For being a small island, there’s a lot to do and see in Singapore; I didn’t even get up to the pool at Marina Bay Sands, or out to Pulau Semakau or the Southern Ridges, as I’d planned. I know I keep saying it about everywhere I’ve been on this trip, but it’s true: I’ll have to come back.
Singapore is known for its heavy fines for any number of minor offenses, and for its high residents-to-shopping-destinations ratio, and for its endless variety of foods. It all seemed to be true on my four-day visit this past weekend, especially the food part. I ate so much and so well in Singapore, and I think almost every single thing was something I’d never eaten before.
My culinary guides in this adventure were native Singaporeans I’d hosted separately through Couchsurfing back in Chicago. They were eager to explain how things were made, and the different combinations you can make in different dishes, and which dishes are their favorites. This is the way to see Singapore!
Here are some pictures of What I Ate, and my best guess on remembering what they’re called:
Not pictured: the durian cream puff I ate (tasted kind of like onions), the Singapore Sling I drank (yum), and various other tasty things
Coming to you live from Khao Sak, Thailand, I am pleased to report that going on three flights in as many days doesn’t necessarily kill the urge to travel. It may dampen it, and necessitate five days of recovery on a sleepy beach, but even three security lines in 72 hours won’t make you swear off flying. It helps, of course, if the second flight in this series lands you in Singapore’s Changi Airport. Because that place is the Platonic ideal of airports, the one which all other airports, dancing in shadow, aspire to become.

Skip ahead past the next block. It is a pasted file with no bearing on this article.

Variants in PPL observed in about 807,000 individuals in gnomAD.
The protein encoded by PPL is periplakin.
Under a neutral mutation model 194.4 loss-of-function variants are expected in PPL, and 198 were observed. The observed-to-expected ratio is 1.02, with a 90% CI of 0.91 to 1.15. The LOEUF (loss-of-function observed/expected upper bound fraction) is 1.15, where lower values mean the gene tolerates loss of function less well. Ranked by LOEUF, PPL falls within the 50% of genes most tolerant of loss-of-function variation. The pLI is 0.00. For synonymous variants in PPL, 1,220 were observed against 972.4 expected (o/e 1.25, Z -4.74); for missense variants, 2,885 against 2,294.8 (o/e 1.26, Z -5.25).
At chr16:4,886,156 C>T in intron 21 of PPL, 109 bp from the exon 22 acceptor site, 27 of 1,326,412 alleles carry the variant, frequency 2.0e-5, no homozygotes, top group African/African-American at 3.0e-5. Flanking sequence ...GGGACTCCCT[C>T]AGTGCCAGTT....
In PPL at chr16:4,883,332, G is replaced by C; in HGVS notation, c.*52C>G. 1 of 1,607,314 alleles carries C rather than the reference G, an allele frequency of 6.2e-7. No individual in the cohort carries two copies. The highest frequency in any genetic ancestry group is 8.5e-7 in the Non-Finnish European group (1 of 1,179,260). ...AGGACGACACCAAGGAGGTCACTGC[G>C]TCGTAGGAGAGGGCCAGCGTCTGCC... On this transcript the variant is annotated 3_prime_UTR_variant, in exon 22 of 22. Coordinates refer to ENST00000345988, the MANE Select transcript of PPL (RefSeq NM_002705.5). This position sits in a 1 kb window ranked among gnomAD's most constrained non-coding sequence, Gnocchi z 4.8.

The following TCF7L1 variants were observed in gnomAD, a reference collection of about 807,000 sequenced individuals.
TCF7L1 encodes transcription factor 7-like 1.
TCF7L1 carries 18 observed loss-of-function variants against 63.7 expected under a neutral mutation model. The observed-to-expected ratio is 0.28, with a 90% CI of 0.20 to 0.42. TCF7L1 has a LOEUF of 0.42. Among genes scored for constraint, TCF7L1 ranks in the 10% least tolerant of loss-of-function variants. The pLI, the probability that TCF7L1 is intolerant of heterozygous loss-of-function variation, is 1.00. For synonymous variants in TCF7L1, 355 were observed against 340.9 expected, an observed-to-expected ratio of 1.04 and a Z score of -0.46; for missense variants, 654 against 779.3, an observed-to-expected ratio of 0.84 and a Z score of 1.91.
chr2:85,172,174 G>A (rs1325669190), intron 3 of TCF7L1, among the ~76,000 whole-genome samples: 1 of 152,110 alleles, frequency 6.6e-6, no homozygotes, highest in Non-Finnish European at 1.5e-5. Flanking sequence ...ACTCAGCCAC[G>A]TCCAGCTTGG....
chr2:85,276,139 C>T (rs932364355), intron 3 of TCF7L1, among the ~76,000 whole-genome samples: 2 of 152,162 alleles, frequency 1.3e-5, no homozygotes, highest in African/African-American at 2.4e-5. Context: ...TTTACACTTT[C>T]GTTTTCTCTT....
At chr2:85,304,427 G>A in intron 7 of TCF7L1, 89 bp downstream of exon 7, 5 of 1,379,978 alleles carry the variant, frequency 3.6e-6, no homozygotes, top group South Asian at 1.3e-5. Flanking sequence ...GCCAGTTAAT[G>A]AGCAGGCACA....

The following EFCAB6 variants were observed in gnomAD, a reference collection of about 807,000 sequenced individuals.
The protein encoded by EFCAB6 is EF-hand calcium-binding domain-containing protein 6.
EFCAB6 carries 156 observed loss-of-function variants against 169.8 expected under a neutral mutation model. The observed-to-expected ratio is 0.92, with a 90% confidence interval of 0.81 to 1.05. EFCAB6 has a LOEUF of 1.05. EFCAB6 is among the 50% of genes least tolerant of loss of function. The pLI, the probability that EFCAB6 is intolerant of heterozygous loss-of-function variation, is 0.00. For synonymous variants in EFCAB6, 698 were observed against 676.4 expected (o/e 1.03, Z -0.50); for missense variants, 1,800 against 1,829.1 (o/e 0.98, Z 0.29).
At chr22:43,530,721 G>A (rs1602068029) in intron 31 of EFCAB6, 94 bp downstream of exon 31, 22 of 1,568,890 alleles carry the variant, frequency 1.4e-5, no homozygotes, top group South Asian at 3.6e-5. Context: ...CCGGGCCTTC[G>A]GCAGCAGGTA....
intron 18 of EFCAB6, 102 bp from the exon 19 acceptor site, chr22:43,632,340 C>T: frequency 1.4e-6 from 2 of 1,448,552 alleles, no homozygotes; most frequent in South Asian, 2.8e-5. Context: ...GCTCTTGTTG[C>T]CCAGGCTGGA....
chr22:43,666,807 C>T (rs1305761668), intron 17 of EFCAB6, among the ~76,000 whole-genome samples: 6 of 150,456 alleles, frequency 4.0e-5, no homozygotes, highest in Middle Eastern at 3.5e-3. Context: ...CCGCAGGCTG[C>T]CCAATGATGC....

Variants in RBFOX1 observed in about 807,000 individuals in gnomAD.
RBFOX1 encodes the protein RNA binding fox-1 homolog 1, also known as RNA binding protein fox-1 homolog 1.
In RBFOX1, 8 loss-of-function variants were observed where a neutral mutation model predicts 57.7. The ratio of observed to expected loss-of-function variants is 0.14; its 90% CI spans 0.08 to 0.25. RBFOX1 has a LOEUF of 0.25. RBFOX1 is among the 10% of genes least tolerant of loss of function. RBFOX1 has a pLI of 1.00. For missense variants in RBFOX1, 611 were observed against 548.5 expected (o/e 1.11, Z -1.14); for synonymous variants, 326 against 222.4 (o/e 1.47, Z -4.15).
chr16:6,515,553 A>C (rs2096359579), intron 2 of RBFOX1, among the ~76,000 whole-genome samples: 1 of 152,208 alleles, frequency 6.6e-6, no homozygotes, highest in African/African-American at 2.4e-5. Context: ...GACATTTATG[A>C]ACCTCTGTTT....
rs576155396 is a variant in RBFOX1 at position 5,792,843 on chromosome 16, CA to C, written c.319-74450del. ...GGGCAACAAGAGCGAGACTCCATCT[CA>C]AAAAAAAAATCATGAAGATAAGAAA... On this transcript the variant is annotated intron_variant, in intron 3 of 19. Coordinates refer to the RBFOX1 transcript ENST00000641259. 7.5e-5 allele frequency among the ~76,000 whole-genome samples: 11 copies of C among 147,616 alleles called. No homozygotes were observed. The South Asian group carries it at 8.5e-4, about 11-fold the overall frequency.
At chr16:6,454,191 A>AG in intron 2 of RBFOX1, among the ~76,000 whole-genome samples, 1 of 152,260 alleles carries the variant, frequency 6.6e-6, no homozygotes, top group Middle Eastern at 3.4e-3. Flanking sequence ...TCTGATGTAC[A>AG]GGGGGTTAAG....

Hasty planning had me in Wellington when I needed to be in Auckland for a flight to Singapore, when I wanted to land in Phuket. I couldn’t change the Auckland-Singapore ticket, so I forked out a few hundred dollars to get me connecting flights on either end. The problem lay in the timing; I had to fly to Auckland on Saturday but not leave until Sunday, and I miiiiight make a flight to Phuket on Sunday, but chances were I wouldn’t so I was flying there on Monday. Messy!
I landed in Singapore on Sunday evening and picked up an airport guide on my way to customs. This 26-page booklet explains how to get to the city and other such details, but it also includes maps of the terminals and descriptions of the unique attractions contained therein. I saw a free movie theater, more than one garden, and a “snooze lounge.” I was psyched to spend the short night here rather than at a hostel, which several people had assured me was very possible.
They had neglected to mention logistics, and more importantly, I had failed to research them myself. So I went through passport control, got my bag, turned around to go through customs, and thought, “oh damn.” I’d passed through the magic gate of passport control, and now I was in the part of the airport with the check-in desks and car rental kiosks, and all the fun stuff was on the other side. I went back to my passport control officer and pleaded stupidity, and she led me to her supervisor, who wasn’t mean but he wasn’t pleased either. He explained to me that going through passport control was a one-way deal and that I shouldn’t be allowed back in, and I said yes, I had misunderstood, I hadn’t known what to do with my bag, and he said there was a whole baggage hold system set up to deal with just this sort of thing. Then he voided the passport stamp I’d got just 10 minutes before (a voided stamp! cool!), told me to fill out another arrivals card in the morning, and let me back in the land of wonders. Thank you, sir!